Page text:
It also turns out he has spectacular bloodlines, and is a Naborr grandson and great-grandson. If you aren’t familiar with this famous Arabian, just Google him.

We have built a paddock to separate him from the other horses, since he is a stallion, but he will have lots of company on the other side of the fence. We hope to be able to eventually pair him up with Raven, our one domestic horse. He arrived at 11 PM Jan. 18 and was quite wild and rambunctious, but settled down overnight. He is a beautiful horse, despite his age.

Knickers requires a diet of soaked pellets, as he is almost 30 years old and has lost molars. His feed and supplements will run about $125 a month. With rising hay prices, it is a constant struggle to get enough funding to pay our feed bills. Won’t you consider becoming a monthly donor to help sweet old Knickers?

Knickers shortly after rescue/summer 2011

 

 

Knickers

Categories : Horse and Burro, News
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November 20 th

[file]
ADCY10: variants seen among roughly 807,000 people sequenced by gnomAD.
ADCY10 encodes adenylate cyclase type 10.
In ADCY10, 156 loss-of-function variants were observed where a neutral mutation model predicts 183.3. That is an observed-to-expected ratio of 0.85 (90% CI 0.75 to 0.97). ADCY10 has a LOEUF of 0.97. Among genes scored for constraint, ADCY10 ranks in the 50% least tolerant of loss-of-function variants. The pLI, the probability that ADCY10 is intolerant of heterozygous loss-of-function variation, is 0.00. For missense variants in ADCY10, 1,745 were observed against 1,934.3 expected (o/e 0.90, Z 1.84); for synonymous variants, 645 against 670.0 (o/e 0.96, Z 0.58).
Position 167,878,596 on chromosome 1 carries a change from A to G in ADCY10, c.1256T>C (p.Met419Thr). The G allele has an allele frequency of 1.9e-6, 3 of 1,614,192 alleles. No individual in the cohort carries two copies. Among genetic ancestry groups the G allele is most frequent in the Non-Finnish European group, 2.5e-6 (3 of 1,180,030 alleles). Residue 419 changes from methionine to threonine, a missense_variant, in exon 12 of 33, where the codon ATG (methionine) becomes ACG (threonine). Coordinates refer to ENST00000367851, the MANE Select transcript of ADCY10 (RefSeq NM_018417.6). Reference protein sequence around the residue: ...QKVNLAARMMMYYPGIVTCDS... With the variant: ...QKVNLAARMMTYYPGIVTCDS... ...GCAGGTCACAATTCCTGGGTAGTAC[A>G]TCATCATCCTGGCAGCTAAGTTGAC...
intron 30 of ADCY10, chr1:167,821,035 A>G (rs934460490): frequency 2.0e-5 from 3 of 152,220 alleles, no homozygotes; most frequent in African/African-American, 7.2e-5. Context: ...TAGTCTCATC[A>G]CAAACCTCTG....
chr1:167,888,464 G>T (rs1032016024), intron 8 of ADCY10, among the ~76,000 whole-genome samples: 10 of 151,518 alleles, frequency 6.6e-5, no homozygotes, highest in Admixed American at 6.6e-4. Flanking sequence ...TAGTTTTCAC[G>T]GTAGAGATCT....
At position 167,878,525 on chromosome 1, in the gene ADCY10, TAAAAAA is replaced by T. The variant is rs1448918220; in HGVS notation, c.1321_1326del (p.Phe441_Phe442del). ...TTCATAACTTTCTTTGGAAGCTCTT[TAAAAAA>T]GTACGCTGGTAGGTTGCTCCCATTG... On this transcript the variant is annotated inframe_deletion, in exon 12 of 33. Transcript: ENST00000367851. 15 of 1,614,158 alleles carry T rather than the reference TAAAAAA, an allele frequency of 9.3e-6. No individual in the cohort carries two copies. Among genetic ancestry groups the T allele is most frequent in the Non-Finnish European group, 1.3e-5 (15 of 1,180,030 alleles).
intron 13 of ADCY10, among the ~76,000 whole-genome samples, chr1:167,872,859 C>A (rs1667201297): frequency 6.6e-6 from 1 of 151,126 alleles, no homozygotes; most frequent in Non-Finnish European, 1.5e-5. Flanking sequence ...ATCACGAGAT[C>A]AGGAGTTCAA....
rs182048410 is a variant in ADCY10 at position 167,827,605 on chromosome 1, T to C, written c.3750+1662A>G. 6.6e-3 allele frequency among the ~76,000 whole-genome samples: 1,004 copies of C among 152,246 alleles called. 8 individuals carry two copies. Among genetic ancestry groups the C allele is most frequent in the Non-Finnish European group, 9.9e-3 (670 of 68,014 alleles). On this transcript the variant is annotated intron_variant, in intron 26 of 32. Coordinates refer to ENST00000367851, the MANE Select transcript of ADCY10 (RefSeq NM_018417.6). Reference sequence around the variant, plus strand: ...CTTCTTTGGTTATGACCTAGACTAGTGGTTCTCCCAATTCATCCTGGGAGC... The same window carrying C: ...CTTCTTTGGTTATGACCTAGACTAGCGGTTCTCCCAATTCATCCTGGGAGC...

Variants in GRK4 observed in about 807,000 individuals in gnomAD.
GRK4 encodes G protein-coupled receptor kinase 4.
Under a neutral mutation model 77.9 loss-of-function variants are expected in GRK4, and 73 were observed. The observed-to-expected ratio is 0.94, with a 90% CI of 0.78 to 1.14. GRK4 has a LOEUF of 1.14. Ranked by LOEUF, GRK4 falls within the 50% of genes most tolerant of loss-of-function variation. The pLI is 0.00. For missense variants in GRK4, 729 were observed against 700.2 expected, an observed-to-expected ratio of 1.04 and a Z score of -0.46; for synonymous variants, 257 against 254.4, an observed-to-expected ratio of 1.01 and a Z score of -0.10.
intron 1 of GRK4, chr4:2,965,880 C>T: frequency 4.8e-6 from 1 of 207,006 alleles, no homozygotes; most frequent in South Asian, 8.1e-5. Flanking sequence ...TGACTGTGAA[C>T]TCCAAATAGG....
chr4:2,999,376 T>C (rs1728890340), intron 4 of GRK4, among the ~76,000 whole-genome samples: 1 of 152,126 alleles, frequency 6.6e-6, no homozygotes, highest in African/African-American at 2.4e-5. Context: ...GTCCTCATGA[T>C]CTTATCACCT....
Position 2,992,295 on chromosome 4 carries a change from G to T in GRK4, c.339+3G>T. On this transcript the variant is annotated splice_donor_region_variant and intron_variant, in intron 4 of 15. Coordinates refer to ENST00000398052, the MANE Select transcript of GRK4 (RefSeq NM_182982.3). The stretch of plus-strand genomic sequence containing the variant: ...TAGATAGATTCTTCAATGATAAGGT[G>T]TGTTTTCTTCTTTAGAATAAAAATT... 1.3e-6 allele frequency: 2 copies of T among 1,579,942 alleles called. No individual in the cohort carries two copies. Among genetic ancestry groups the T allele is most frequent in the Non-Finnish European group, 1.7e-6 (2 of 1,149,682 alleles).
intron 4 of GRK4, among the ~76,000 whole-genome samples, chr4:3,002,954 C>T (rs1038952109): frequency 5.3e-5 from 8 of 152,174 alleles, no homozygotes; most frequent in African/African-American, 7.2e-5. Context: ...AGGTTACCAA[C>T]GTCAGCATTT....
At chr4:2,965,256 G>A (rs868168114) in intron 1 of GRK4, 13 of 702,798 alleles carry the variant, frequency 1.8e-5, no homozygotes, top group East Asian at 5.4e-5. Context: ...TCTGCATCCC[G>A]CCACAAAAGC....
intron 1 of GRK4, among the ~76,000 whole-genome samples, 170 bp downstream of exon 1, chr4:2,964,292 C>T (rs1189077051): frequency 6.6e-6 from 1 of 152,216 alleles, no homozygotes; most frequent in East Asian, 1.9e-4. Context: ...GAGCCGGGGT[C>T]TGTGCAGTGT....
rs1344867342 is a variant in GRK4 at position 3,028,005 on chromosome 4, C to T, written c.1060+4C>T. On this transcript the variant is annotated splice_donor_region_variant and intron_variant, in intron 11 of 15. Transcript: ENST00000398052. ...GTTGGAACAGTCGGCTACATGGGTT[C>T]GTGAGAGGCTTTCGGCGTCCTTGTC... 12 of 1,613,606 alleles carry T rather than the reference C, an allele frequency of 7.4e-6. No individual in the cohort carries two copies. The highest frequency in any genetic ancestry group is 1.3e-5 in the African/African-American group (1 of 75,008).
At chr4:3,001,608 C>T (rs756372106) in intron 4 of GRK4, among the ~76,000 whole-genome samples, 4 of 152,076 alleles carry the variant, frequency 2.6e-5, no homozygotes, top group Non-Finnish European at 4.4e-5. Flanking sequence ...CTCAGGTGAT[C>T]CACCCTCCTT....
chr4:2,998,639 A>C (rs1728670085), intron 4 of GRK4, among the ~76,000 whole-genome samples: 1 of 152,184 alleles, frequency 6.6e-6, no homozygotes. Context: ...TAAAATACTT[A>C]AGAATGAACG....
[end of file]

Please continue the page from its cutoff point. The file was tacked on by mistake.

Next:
0

A donation for Wilbur / Wilbur wants a sponsor

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Our VP, Bonnie, stopped by yesterday with a donation. She had found some nice, big, soft blankets at the thrift store for Wilbur’s house. He doesn’t have much hair and pigs like to burrow into their bedding when the weather is cold. He seemed very excited to see them.

Today, I went to move his house a little and he charged me, grinding his tusks….Apparently he thought I was stealing his blankets!

Wilbur is a very smart guy and will push his bedding out of the house to lie on it in the sun during the day. What is amazing, is that he then pushes it back into his house in the evening. If pigs were more dextrous and athletic, they would get more respect for their intelligence. Unfortunately, Nature did not give them agile bodies to go along with their large brains.  http://www.veganpeace.com/animal_facts/Pigs.htm…Pigs rank #4 in animal intelligence behind chimpanzees, dolphins and elephants.

Wilbur

If anyone wants to sponsor Wilbur and be his “virtual adopter”, he only costs $15 a month to feed. He would love to have a special person to call his own!